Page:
Despite being a member of one of Israel's ultra-Orthodox political parties, Health Minister Yaakov Litzman has called on the public not to eat the traditional Hanukkah treat—sufganiyah.
A sufganiyah is a deep-fried round doughnut traditionally covered with powdered sugar and filled with strawberry jelly. Israeli bakeries offer a plethora of variations, which include different types of coatings and fillings.
"I call on the public to avoid eating sufganiyot, which are rich in fats," Litzman said at the conference in Herzliya to promot healthy eating. "You can find alternatives for everything nowadays and there is no need for us to fatten our children with sufaganiyot, which are not in line with the principles of health and proper nutrition."
Earlier this year, the Health Ministry launched a campaign to encourage the public to choose healthy food over junk food.
In April, Litzman attacked the junk food giant McDonalds. "We need to educate our children not to eat junk food. McDonalds out. Not in our country," he said.
On Sunday, the health minister added "If I had to say this today, I'd say: Sufganiyot out. You can eat them, of course, because it is part of the holiday's customs, but there are alternatives."
Litzman said that while his statements have been met with anger by big companies, "I have a secret for you. I don't have to deal with primaries. I chose the Health Ministry because I thought this was the place where lives can be saved."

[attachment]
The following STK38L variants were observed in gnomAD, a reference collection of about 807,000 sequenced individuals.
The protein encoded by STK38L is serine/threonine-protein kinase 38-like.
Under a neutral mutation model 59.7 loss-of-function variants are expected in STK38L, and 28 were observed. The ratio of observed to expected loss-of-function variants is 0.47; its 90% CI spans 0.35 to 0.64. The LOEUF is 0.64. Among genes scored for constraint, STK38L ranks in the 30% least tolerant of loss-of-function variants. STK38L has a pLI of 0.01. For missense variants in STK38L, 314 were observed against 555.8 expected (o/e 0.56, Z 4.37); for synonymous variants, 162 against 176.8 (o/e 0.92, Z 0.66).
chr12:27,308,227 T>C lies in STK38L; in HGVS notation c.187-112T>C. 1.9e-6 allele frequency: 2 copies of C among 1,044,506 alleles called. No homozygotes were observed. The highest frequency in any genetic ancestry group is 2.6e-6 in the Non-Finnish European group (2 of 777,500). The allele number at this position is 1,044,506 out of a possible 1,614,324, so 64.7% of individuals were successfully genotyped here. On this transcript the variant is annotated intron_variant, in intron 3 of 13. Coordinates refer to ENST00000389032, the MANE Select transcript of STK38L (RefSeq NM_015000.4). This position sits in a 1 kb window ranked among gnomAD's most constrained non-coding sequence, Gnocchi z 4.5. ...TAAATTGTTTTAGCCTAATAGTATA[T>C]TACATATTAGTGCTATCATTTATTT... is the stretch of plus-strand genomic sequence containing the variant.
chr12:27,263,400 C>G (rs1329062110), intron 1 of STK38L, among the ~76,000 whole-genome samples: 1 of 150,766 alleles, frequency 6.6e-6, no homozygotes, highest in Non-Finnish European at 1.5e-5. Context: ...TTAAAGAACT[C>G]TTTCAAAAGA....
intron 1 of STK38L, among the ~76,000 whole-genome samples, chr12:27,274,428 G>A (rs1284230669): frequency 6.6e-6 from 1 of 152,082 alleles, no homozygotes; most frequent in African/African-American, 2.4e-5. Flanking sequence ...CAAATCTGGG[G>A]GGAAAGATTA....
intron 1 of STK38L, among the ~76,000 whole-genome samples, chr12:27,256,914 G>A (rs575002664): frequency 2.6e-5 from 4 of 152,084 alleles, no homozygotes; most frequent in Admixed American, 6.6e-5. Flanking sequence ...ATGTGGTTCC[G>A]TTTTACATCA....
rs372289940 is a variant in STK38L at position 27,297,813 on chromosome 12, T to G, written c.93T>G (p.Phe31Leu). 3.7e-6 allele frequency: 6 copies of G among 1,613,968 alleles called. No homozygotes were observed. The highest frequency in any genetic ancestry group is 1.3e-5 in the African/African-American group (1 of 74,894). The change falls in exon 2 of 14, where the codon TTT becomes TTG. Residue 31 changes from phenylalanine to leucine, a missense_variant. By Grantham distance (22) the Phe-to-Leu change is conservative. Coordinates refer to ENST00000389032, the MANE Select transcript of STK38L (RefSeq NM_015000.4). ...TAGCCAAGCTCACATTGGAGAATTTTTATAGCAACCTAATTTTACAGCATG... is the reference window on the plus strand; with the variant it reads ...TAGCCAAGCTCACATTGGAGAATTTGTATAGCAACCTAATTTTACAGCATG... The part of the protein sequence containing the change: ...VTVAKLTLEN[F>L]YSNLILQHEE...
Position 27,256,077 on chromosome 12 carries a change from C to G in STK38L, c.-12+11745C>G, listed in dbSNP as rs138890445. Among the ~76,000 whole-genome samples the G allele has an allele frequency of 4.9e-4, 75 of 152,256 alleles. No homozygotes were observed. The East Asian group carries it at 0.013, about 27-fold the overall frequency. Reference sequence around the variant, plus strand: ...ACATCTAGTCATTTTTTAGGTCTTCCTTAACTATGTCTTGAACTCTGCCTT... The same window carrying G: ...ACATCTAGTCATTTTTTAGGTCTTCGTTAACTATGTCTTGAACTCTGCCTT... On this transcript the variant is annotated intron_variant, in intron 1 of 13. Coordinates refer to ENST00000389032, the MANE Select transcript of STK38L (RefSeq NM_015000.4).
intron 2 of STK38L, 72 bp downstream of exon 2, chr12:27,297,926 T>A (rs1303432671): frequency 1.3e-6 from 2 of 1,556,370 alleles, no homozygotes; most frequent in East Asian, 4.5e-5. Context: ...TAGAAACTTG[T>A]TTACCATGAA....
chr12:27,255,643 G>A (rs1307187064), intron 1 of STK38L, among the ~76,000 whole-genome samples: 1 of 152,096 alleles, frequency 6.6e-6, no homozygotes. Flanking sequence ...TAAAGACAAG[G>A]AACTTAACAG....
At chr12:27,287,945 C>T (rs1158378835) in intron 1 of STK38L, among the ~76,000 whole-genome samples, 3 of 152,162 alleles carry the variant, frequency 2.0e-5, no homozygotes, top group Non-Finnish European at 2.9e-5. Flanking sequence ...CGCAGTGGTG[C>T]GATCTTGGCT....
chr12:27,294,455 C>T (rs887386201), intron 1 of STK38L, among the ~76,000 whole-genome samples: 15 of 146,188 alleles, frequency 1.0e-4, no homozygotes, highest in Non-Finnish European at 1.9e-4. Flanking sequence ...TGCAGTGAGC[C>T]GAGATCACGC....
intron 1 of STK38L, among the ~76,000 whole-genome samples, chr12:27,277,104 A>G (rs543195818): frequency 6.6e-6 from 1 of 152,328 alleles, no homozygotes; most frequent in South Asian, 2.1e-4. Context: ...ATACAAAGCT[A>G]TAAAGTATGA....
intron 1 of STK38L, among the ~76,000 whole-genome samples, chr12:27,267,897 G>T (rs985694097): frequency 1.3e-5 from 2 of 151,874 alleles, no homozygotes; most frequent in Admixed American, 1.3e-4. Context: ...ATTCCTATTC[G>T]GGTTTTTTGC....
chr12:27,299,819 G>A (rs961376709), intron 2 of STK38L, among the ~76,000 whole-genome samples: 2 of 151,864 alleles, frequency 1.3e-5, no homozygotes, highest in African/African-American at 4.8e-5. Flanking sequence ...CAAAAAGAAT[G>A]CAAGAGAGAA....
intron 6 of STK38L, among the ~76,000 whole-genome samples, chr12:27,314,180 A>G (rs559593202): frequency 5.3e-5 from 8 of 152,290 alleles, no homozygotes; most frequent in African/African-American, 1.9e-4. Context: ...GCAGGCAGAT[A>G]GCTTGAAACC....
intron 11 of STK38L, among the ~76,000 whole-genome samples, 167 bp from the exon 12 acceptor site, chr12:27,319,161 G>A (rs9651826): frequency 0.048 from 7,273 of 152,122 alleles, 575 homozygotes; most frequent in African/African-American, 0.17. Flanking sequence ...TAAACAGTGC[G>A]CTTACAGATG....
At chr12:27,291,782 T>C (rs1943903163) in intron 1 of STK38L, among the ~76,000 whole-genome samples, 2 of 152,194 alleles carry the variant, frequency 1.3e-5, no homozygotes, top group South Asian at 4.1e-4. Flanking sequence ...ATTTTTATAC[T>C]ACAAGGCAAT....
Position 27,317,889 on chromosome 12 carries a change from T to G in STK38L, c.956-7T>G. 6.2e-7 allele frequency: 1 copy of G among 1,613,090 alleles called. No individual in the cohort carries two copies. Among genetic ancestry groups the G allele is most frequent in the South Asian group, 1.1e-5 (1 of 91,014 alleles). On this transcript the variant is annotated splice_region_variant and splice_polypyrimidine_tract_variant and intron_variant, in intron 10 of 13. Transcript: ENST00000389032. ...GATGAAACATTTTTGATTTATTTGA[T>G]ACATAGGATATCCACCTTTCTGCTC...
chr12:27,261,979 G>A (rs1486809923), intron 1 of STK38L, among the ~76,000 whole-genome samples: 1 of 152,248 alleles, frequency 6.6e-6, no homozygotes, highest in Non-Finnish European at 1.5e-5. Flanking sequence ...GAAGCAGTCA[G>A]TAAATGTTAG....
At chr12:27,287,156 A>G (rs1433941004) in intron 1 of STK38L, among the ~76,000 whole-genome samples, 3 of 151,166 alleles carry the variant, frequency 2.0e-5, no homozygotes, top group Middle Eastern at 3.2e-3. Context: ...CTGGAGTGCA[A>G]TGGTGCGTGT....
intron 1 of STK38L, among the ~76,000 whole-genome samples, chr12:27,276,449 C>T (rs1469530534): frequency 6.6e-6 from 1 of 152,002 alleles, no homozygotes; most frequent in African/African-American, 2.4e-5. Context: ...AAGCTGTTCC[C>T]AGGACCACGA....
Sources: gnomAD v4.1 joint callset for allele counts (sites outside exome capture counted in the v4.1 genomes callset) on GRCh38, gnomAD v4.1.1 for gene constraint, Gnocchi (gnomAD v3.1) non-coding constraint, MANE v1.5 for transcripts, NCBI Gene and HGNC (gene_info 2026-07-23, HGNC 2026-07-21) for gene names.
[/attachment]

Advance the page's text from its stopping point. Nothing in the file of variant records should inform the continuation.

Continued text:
In August, he declared at the Israel Medical Convention: "I intend to take the healthy eating campaign all the way. You can't go out on the street with a rifle and stop people from eating junk food, but you have to sort out the food and the way to do it is in education—start at schools. Along with the education minister, we are working to ban the sale of sweets inside schools."
Three weeks ago, a committee entrusted with promoting healthy eating in Israel submitted its recommendations to Litzman. It recommended to decrease sugar, salt and saturated fat in food products and to mark harmful products in red while healthy products will be marked in green. The percentage of sugar in each food product, the committee recommended, should be indicated on the packaging, while calories, salt and saturated fat should receive prominence on the packaging as well.
The committee further recommended to prevent the marketing of unhealthy food to children and to limit advertising for such food, while at the same time making healthy food more accessible—among other things by subsidizing whole grain bread.
The implementation of these recommendations will begin at the earliest in January 2018 and at the latest in June of that year, pending the health minister's approval. This, in order to allow manufacturers enough time to redevelop products and packaging.